The end of Short Story Month is upon us and I have a final few tales to share. (Not that won’t still periodically share them throughout the year. I’m sure I will–I’m such a rogue.)
I’m ending the month with two of Zora Neale Hurston’s stories. While modern books on writing tell aspiring authors to stay away from writing dialect, Hurston is a master of it. The contrast between the dialogue of her characters and her crisp “King’s English” narrative voice is stark, but she balances her stories with the right amount of each.
Maybe this dialect is easy for me to read as I am from the American South and grew up around similar pronunciations. If you have trouble with this patois–I’m going to sound like an English teacher here–sound out the words and their meaning should become clear.
“Sweat” is a tale of what happens when a woman has had enough. Enough abuse and enough of her abuser.
***Warning*** The “N” word is present in this story. Thought you should know before you read her story here.
My next recommendation is Saki’s “The Open Window”. A short story about a with an unexpected ending.
I hate to say too much about it in case you haven’t read the tale. (Do it now, it won’t take long.) But I’ll say that its subtly handled twist has made it a perfect story to translate to the visual medium. It’s been the subject of several tv adaptations.
Saki is the pen name of Hector Hugh Munro or H.H. Munro, as he is sometimes called.
Reading this, you’ll see why you should not always listen to the stories of little girls. Check out Saki’s story here.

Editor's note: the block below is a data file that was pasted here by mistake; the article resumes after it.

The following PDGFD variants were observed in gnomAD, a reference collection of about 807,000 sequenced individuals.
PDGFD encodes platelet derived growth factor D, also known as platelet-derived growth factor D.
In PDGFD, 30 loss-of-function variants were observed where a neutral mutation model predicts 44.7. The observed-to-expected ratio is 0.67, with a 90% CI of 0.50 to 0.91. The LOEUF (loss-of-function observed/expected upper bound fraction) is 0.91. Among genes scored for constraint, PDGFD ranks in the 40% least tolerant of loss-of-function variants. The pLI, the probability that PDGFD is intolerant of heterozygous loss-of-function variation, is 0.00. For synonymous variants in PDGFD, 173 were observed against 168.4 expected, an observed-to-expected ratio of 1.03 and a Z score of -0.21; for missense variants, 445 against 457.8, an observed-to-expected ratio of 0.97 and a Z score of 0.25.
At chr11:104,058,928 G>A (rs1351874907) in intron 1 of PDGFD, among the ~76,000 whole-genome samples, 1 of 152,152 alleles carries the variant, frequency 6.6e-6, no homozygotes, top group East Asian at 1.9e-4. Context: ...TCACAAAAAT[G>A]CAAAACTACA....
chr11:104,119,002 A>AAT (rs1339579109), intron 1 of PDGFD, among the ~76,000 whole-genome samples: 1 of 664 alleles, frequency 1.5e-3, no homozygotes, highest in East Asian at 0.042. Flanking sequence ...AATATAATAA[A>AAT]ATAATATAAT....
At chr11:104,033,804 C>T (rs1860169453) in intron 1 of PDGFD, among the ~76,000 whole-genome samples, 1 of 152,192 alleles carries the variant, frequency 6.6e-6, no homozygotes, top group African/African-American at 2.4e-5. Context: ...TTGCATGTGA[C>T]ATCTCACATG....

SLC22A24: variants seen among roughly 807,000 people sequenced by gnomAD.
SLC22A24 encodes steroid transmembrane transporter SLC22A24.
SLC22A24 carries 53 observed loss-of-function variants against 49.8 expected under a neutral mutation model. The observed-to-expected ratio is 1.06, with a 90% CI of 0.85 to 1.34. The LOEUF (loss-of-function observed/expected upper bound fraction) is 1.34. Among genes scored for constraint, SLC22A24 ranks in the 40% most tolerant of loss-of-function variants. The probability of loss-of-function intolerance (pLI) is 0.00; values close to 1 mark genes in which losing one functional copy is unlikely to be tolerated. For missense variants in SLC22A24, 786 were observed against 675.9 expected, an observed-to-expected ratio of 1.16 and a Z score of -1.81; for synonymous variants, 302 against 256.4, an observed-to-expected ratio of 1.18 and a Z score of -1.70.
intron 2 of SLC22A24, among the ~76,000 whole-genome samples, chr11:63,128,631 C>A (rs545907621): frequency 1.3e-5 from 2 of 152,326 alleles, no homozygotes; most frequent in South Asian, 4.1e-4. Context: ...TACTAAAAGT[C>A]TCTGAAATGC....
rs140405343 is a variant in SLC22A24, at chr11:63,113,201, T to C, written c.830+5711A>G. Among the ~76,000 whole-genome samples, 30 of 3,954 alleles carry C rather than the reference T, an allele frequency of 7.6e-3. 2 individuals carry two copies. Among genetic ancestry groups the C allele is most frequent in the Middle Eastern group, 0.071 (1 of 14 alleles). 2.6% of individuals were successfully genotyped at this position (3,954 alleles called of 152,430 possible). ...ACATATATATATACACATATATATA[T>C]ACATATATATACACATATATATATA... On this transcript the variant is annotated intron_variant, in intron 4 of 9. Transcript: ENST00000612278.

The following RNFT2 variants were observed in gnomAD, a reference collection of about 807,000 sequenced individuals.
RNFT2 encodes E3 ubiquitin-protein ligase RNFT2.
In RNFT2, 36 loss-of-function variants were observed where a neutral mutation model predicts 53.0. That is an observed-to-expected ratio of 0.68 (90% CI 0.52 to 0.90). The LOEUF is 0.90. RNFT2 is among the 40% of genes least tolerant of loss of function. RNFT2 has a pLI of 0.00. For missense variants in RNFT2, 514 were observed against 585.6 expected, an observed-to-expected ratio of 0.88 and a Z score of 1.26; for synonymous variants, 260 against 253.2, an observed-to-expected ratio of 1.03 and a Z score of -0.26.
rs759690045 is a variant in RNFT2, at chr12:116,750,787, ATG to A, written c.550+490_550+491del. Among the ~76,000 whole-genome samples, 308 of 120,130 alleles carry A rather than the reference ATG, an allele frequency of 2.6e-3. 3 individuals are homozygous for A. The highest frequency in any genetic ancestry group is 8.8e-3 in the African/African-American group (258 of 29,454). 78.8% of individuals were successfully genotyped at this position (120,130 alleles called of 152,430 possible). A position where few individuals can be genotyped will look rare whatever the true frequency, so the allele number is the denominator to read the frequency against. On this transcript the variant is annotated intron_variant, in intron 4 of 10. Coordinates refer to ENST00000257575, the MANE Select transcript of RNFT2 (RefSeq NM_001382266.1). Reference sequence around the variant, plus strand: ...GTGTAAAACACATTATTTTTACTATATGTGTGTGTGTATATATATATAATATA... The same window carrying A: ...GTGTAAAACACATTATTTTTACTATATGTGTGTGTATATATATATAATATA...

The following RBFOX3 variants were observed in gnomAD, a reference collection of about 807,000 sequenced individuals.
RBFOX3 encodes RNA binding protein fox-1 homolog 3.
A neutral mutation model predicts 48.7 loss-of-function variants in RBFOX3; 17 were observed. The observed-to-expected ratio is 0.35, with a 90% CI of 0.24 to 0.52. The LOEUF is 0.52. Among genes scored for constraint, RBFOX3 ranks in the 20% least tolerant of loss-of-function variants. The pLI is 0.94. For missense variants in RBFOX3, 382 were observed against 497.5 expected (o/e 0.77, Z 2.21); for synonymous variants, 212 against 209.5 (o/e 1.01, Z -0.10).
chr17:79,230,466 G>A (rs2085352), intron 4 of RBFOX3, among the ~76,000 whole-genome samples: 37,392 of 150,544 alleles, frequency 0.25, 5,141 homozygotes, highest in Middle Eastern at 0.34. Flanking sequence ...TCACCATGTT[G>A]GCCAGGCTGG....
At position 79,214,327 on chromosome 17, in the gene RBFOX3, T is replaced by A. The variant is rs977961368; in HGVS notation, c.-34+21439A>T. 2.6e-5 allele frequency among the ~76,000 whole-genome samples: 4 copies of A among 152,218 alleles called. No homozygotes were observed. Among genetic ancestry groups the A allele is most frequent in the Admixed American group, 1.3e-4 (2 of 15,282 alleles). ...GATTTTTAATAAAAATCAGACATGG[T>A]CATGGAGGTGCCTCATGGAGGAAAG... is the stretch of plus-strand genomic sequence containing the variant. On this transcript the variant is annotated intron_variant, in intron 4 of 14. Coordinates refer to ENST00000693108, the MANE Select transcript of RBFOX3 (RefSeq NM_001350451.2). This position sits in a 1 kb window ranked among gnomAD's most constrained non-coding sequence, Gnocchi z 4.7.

This is a wonderful article for those writers that don’t have the support of family and friends. It happens more than you’d think. If you enjoyed a writer’s work, tell them. You may be the only one that does.
Excuse me if this post gets a little rant-ish. Maybe you’ll relate to this, maybe you won’t. Maybe your family and friends are your personal cheerleaders. Or maybe your family told you to stop playing with your imaginary friends and get a job. Or maybe your family is like mine and happily supported you back when everyone thought you’d make it big, land a million-dollar publishing contract, and get a movie deal, but fell out of love with your writing once they realized that wasn’t going to happen.
Lack of support. This is a very painful topic, but it’s one I think it’s important to discuss. Writing is largely a solitary endeavor, often undertaken by introverts. But even though we’re introverts and we’ve decided to travel the often lonely path of the writer, we’re still human beings. We crave love, acceptance, and acknowledgement. We crave community, and who better to…
I’ve never reviewed a movie on my blog, but I’m making an exception today.
Recently I watched “Danger Word”, a short film recently brought to the screen by a successful crowdfunding venture. It’s based on the apocalyptic sci-fi short story of the same name by husband-and-wife team Steven Barnes and Tananarive Due. The short story has also sparked full length YA horror novels Devil’s Wake and Domino Falls and has been garnering a good deal of attention.
Zombie movies are plentiful as any horror lover knows and can be hard to keep fresh. The opening scene features a grizzled old man and his baby-faced granddaughter at shooting practice in the woods. Quickly, we learn that this is not for fun; it’s a lesson that the granddaughter, Kendra must learn to survive.
One of the most difficult lessons comes when Grandpa Joe, played perfectly by veteran actor Frankie Faison (best known perhaps for his role in “The Silence of the Lambs” movie franchise), drives past a woman in a car with several children all screaming for help. The car has broken down and it is apparent from earlier scenes that the zombies are moving toward them. Kendra is quietly concerned, but is told that there was no alternative if they want to stay alive.